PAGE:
University View: Professor Dafydd Johnston

Posted on 9 July 2014
Online Learning

Open access is currently a big issue in academic publishing. The essential principle is that publicly funded research should be made freely available for the benefit of the public. This poses a challenge to traditional publishers, and change can only happen gradually, beginning with articles in academic journals, most of which are already published online.

Technology is crucial for open access provision, and it works best when used from the start of a research project as the most effective way of reaching target audiences. My first experience of this approach was when I led a project based at Swansea University which produced an electronic edition of the poetry of Dafydd ap Gwilym, launched in 2007. Publication online allowed us to provide a bilingual resource in which the user can choose between Welsh and English, and the site is available online free of charge at www.dafyddapgwilym.net

Since I joined the University of Wales Centre for Advanced Welsh and Celtic Studies in Aberystwyth open access has become a major concern because of the amount of Research Council funding that the Centre attracts for its team-based projects. Our approach has been to design digital resources from the outset, as we did with the edition of another big name of the Welsh bardic tradition, Guto’r Glyn, launched at www.gutorglyn.net in 2012. We will soon be publishing a print version for purchase by those who wish to have this fine poetry on their shelves, but all the fruits of our research are already freely available.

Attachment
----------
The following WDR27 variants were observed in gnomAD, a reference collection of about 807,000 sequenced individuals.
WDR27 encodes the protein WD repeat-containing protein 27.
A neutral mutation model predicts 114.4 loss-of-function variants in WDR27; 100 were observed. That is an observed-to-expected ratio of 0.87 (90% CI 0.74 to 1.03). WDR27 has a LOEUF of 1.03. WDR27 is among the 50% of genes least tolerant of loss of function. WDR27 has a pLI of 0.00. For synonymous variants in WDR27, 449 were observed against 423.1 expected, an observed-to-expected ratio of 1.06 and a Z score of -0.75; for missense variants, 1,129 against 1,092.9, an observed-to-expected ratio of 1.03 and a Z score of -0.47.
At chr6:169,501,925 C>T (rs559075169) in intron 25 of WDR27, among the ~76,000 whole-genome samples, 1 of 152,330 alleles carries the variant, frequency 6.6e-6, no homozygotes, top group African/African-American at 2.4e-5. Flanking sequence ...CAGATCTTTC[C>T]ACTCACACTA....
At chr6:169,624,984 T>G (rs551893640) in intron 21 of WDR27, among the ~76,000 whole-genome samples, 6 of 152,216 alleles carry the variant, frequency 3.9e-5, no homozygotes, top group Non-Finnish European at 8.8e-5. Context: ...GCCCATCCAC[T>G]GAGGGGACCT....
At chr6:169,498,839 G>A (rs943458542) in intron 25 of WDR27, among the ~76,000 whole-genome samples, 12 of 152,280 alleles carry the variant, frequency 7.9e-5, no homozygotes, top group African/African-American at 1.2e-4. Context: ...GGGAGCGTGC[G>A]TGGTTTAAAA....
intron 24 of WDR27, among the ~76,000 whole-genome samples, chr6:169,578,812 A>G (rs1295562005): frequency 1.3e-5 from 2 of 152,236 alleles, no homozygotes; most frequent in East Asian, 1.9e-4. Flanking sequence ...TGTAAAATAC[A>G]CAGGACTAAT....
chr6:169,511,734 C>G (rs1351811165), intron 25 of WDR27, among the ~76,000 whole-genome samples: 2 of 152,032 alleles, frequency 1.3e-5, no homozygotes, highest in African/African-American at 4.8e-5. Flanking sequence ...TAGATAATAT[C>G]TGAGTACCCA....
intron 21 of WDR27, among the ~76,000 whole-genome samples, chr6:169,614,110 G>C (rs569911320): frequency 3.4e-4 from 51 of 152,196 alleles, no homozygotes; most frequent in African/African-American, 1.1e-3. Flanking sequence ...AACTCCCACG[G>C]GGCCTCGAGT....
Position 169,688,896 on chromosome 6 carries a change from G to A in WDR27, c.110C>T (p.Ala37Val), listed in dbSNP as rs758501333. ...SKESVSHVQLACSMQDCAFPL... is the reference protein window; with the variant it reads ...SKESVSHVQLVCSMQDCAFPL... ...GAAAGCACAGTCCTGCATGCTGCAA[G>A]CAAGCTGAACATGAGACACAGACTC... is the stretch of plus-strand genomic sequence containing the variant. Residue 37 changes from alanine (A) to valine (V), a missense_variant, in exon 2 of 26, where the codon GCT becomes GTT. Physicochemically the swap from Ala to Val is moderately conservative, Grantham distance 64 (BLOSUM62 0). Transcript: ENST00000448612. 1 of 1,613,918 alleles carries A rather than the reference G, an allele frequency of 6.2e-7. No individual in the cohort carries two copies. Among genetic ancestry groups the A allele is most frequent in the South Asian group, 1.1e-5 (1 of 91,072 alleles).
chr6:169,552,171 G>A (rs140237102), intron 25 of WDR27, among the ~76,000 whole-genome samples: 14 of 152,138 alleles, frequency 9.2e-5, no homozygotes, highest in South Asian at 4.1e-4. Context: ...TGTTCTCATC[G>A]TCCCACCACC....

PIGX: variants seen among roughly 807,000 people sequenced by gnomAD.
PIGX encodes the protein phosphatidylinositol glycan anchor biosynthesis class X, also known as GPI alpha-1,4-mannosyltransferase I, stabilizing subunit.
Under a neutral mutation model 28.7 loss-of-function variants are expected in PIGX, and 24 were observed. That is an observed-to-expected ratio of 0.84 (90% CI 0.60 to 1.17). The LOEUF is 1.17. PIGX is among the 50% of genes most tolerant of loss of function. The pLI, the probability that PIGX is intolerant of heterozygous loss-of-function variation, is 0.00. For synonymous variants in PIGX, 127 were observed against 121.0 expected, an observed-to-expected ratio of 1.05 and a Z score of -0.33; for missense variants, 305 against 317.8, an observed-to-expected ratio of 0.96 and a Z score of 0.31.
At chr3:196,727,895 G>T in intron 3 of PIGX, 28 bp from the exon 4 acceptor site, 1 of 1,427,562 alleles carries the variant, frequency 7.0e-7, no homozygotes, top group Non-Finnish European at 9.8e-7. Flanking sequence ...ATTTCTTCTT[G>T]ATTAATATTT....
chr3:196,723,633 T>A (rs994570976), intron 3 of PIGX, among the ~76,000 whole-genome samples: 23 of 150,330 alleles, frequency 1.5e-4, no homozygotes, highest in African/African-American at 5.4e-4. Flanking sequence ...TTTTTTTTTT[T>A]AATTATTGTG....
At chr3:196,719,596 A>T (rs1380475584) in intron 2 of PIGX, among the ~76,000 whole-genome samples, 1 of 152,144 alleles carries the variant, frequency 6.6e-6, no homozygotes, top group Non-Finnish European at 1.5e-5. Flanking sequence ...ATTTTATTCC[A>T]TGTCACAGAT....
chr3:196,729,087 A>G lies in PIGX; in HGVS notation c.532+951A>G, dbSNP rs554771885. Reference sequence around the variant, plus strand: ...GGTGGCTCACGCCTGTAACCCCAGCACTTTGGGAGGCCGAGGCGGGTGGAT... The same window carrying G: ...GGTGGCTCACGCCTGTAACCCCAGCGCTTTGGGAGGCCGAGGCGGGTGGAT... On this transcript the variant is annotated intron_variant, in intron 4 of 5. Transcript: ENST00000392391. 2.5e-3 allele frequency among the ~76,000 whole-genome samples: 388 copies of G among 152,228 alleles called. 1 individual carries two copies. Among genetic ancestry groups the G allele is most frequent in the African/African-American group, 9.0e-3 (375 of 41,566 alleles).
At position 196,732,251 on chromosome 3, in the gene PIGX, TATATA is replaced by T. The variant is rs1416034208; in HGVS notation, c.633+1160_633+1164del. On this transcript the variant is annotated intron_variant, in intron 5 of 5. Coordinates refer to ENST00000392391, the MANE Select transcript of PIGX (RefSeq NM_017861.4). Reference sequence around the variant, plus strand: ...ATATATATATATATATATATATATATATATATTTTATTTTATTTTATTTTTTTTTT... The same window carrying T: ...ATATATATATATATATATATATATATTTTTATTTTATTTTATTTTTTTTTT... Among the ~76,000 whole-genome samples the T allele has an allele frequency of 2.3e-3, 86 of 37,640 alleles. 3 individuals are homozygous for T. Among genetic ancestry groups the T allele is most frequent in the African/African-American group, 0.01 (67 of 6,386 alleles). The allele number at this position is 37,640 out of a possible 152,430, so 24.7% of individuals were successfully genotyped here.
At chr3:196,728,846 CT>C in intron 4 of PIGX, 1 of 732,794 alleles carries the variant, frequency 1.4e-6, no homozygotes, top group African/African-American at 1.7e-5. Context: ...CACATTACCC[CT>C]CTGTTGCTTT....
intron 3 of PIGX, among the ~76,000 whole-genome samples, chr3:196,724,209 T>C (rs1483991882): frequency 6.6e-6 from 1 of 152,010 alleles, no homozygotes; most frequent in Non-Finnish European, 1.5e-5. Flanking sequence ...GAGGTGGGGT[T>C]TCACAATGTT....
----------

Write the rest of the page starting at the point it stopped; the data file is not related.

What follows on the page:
New online resources in the pipeline include texts and translations of all Welsh-language material relating to the saints of Wales, a database of key archaeological and linguistic data relating to the origins of the Celtic languages, and a gazetteer of Welsh place-names. All these resources will be hosted by the National Library of Wales.

As a specialist research centre partnership is essential to our open access strategy. By drawing on the expertise of partner institutions we can ensure that our work reaches the widest possible audience and remains sustainable. We are fortunate in being able to collaborate with the National Library on the Dictionary of Welsh Biography, one of a range of resources freely accessible on the NLW website. The printed volumes have been essential works of reference for many years, and now their contents can be searched online and regularly updated in order to enhance this national treasure for the future.

Our latest output to be offered in open access is the online version of Geiriadur Prifysgol Cymru, the University of Wales Dictionary, launched today at the Senedd. The weighty tomes of this historical dictionary are one of the glories of Welsh scholarship, but the riches they contain can now be consulted far more easily by anyone with internet access. Having been publicly funded for almost a century it is only right that this record of our linguistic heritage should now be made freely available to the people of Wales and the world at www.geiriadur.ac.uk

Professor Dafydd Johnston
Director, University of Wales Centre for Advanced Welsh and Celtic Studies
 

This article was published in the Western Mail on Thursday the 26th of June, 2014.

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